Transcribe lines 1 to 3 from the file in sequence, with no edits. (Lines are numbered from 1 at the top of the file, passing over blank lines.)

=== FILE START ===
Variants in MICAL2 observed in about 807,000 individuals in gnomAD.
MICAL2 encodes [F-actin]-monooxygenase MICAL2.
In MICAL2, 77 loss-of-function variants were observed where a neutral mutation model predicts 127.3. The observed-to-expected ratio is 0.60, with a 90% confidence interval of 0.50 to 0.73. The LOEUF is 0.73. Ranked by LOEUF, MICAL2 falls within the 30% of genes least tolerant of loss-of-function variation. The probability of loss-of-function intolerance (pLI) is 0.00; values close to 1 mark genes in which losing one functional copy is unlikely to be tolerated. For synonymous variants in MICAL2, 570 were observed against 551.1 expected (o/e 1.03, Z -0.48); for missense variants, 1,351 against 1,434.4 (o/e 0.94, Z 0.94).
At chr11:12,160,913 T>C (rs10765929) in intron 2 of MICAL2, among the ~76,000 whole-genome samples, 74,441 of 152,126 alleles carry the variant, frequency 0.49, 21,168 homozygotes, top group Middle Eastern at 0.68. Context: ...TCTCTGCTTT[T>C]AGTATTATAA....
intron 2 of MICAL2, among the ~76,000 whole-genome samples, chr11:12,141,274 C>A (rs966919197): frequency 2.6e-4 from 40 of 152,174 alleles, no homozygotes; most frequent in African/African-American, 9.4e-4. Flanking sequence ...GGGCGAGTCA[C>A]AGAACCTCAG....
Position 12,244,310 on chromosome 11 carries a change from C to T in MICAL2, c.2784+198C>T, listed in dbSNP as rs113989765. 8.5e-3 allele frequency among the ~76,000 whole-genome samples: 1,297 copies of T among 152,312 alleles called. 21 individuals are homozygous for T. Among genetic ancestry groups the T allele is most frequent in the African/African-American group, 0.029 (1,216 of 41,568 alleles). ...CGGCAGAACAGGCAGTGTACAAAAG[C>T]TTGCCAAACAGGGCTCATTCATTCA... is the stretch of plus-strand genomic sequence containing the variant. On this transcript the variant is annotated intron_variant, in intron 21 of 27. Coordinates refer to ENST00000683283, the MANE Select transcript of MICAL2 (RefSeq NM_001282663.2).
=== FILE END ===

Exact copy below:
Variants in MICAL2 observed in about 807,000 individuals in gnomAD.
MICAL2 encodes [F-actin]-monooxygenase MICAL2.
In MICAL2, 77 loss-of-function variants were observed where a neutral mutation model predicts 127.3. The observed-to-expected ratio is 0.60, with a 90% confidence interval of 0.50 to 0.73. The LOEUF is 0.73. Ranked by LOEUF, MICAL2 falls within the 30% of genes least tolerant of loss-of-function variation. The probability of loss-of-function intolerance (pLI) is 0.00; values close to 1 mark genes in which losing one functional copy is unlikely to be tolerated. For synonymous variants in MICAL2, 570 were observed against 551.1 expected (o/e 1.03, Z -0.48); for missense variants, 1,351 against 1,434.4 (o/e 0.94, Z 0.94).